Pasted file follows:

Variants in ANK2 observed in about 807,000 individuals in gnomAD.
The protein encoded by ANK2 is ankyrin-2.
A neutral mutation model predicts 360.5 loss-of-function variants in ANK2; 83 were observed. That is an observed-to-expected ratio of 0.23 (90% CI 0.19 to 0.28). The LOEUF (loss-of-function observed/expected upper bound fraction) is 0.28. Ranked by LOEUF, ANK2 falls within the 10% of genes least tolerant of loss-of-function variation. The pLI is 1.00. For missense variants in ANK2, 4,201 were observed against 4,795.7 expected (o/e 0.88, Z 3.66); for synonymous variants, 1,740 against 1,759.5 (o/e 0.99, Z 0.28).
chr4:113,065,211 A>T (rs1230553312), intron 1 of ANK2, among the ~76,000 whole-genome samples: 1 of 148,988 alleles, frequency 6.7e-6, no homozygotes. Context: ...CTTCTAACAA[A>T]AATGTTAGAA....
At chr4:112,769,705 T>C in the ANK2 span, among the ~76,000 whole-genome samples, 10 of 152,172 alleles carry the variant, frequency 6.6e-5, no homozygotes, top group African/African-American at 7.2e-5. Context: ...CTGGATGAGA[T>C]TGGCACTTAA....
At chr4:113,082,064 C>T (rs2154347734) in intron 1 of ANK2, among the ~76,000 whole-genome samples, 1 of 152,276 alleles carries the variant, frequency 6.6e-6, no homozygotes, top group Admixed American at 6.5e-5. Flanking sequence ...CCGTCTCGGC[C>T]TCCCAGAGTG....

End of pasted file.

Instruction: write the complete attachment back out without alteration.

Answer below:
Variants in ANK2 observed in about 807,000 individuals in gnomAD.
The protein encoded by ANK2 is ankyrin-2.
A neutral mutation model predicts 360.5 loss-of-function variants in ANK2; 83 were observed. That is an observed-to-expected ratio of 0.23 (90% CI 0.19 to 0.28). The LOEUF (loss-of-function observed/expected upper bound fraction) is 0.28. Ranked by LOEUF, ANK2 falls within the 10% of genes least tolerant of loss-of-function variation. The pLI is 1.00. For missense variants in ANK2, 4,201 were observed against 4,795.7 expected (o/e 0.88, Z 3.66); for synonymous variants, 1,740 against 1,759.5 (o/e 0.99, Z 0.28).
chr4:113,065,211 A>T (rs1230553312), intron 1 of ANK2, among the ~76,000 whole-genome samples: 1 of 148,988 alleles, frequency 6.7e-6, no homozygotes. Context: ...CTTCTAACAA[A>T]AATGTTAGAA....
At chr4:112,769,705 T>C in the ANK2 span, among the ~76,000 whole-genome samples, 10 of 152,172 alleles carry the variant, frequency 6.6e-5, no homozygotes, top group African/African-American at 7.2e-5. Context: ...CTGGATGAGA[T>C]TGGCACTTAA....
At chr4:113,082,064 C>T (rs2154347734) in intron 1 of ANK2, among the ~76,000 whole-genome samples, 1 of 152,276 alleles carries the variant, frequency 6.6e-6, no homozygotes, top group Admixed American at 6.5e-5. Flanking sequence ...CCGTCTCGGC[C>T]TCCCAGAGTG....